{PBL} The Fairy Project

It began late last fall. Gradually, a list of questions grew.

list of questions for fairy project at amyhoodarts.com

We went to the library to look up books in their computer, as you do, and came home with some that day and requested many, many others. Shortly after Christmas we were excited to find this book in a used book store, because we’d kept renewing our library copy:


I need to compile a list of books my girl has found so far for this project so I can share them in another post. Our library search led us to The Fairy Ring, which I read aloud to both my homeschooled kids. My 9yo is just as interested in the magical and mythical, and fairies and their cousins the elves, goblins, etc, qualify, so he’s interested to listen along. The Fairy Ring is a nonfiction book that reads like a novel and tells the story of two cousins in early 20th-century England who posed a photograph with fairies. The younger cousin maintained all through her life that she did see fairies, but at the time, they were simply trying to get their parents to stop teasing them when they claimed they saw them. Word of their photographs gets around, and the situation becomes larger than they expected.

A Midsummer’s Nights Dream was mentioned in the book, so it’s been added to the reading list. That’s the way things go with projects.

G has lots of ideas relating to this project. She’s making a fairy comic, would like to plan a butterfly garden (in hopes that fairies are also attracted, since they favor the same habitat as butterflies), and she’s been looking through a book of fairy houses. She tells anyone who will listen about her project, and when she tells librarians, they often have books to suggest or, in one case, a friend who builds fairy houses on her front porch. That librarian said she’d see if her friend would mind if we visited.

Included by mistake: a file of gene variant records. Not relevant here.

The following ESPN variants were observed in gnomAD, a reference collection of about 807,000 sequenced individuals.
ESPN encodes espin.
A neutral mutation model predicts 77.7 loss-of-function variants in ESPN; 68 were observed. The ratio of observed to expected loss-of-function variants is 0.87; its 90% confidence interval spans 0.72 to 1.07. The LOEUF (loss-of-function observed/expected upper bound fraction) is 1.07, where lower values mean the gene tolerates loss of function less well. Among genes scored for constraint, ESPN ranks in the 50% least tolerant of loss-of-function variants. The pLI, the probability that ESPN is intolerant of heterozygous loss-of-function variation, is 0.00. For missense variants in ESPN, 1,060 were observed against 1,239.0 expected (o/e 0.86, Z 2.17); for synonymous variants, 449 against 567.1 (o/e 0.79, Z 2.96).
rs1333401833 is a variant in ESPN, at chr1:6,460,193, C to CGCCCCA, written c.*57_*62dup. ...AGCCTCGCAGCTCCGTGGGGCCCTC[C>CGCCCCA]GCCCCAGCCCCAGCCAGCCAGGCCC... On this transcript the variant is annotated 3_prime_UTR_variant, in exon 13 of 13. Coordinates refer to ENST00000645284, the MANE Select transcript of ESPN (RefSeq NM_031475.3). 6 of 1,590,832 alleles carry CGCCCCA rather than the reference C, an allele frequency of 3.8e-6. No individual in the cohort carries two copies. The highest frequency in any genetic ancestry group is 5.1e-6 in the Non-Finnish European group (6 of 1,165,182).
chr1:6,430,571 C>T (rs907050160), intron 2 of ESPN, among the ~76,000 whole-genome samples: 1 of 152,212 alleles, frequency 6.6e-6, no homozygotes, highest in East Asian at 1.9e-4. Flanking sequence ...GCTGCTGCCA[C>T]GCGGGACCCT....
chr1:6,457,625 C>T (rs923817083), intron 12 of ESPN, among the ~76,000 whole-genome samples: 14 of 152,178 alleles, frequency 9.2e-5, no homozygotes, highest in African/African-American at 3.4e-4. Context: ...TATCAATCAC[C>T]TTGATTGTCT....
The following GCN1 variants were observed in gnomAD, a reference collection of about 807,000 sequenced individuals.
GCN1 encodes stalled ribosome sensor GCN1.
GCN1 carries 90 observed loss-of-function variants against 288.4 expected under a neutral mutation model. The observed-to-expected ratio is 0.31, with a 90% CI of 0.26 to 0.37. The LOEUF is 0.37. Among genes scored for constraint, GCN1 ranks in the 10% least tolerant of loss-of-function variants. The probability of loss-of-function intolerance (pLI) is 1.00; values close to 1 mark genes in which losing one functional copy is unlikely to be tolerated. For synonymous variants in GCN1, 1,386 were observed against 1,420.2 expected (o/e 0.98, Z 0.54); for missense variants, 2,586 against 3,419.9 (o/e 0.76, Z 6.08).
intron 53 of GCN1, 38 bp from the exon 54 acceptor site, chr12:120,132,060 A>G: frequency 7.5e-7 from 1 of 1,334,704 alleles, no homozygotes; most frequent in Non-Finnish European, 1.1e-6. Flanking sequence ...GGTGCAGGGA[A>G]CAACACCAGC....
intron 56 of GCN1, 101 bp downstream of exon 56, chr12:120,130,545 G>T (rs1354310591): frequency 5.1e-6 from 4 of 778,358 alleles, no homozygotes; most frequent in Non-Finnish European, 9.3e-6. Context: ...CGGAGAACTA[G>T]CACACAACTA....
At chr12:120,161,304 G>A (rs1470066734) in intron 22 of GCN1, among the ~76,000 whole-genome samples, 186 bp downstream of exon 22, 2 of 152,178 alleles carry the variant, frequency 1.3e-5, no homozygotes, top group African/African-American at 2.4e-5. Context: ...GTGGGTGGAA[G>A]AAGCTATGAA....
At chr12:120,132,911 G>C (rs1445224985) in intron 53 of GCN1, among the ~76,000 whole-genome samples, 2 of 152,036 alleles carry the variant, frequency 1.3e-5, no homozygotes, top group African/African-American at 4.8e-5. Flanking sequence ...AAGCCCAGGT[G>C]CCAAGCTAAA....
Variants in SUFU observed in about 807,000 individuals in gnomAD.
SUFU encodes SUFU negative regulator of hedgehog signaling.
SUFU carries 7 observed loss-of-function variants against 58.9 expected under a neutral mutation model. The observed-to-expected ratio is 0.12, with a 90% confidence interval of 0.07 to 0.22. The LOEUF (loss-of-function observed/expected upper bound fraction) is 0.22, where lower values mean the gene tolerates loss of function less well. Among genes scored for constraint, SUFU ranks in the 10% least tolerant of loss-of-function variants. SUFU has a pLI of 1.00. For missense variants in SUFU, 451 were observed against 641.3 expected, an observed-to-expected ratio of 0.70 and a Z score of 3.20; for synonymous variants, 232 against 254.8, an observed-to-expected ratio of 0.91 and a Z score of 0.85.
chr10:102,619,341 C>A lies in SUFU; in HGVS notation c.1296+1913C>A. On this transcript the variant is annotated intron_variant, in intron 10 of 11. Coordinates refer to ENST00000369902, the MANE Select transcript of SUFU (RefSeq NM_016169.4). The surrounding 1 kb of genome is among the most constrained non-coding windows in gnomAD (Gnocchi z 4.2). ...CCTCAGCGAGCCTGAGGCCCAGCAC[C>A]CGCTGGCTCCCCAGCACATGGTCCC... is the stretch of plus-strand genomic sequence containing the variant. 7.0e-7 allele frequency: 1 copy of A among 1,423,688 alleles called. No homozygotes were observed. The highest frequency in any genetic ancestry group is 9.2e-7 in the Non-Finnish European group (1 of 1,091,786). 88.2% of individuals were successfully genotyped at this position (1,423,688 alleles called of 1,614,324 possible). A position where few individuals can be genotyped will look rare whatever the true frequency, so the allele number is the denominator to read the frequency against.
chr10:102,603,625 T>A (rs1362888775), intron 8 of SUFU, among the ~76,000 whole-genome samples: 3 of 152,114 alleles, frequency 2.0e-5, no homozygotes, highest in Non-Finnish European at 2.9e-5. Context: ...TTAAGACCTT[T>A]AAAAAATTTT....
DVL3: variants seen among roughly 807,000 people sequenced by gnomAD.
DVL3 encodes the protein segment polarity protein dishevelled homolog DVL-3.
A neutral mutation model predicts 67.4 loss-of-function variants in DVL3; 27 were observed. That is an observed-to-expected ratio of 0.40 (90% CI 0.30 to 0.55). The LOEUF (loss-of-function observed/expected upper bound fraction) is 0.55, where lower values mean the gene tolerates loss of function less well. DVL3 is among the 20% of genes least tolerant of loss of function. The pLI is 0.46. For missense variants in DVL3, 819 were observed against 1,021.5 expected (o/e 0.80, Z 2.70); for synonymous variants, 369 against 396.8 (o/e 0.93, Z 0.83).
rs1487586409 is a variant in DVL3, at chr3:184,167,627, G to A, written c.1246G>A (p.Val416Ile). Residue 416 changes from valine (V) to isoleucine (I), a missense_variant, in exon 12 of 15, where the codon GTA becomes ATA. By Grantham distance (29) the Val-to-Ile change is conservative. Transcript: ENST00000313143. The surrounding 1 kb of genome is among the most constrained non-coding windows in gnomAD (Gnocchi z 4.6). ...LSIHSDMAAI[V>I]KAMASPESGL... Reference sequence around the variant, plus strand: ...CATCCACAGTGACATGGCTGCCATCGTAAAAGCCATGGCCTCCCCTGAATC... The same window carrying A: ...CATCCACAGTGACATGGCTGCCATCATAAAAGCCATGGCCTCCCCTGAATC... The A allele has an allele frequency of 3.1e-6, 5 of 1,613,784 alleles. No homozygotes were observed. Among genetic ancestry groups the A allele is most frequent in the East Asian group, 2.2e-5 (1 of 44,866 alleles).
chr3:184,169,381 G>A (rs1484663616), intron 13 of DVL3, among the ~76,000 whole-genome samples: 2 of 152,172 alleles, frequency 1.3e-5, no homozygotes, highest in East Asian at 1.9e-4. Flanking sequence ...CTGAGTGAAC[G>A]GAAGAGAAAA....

G has also been taking notes. Sometimes, if she wants to record a lot of information at once, I write it. But mostly, she does.

taking notes for the fairy project at amyhoodarts.com


I’ll keep you updated on this project, definitely. Just as I thought with my son’s monster project, this project is proof that project topics don’t have to be “real” or close by in order to provide huge opportunity for learning. She’s writing and researching, we’re reading, she’s drawing. She’s planning a garden and wants to build fairy houses in the spring (nature). We’ll be reading Shakespeare again soon. If a child is interested and curious, a topic is rich and can lead anywhere.

6 thoughts on “{PBL} The Fairy Project

  1. Jen

    Oh my goodness I love this!!! Ree is huge into fairies right now too. She is constantly building fairy houses with little things she finds around the house. Another book, if you haven’t seen it already, is “The Girls’ Book of Flower Fairies.” She got it for her birthday and I haven’t had much time to sit down with it & her yet but she constantly has her nose in it & has “made” quite a few of the projects in it.

  2. Michelle


    Yes! Fairies love butterfly gardens! And oh the things you can do with just a pot a tiny little supplies … My girls aren’t into it much but I still love looking at my fairy garden Pinterest board. 🙂

  3. donna lee

    This is what learning is supposed to be! It’s a perfect example of how a child (or anyone) will follow their interests across all the disciplines.

    And Fairies is a perfect topic. I love a good pair of wings (and happen to own 2 pair myself)

  4. Melissa

    This is sweet and cool at the same time. By the way, if you didn’t know, there is a lovely movie based on The Fairy Ring. I’m not sure if it has the same title; I saw it many years ago. (Some time within the last 15 years.)

    1. amy Post author

      Yes! We found it on Netflix–The Fairy Tale, 1997, so well before the book (2012, I believe). The movie says it’s a true story, but it deviates quite a bit from the nonfiction account we read. New people were invented, others killed off… My kids liked the movie, though, and it’s always a good discussion, comparing/contrasting different versions of the same story.

      Thank you so much for bringing it up, in case we hadn’t found it. 🙂

Comments are closed.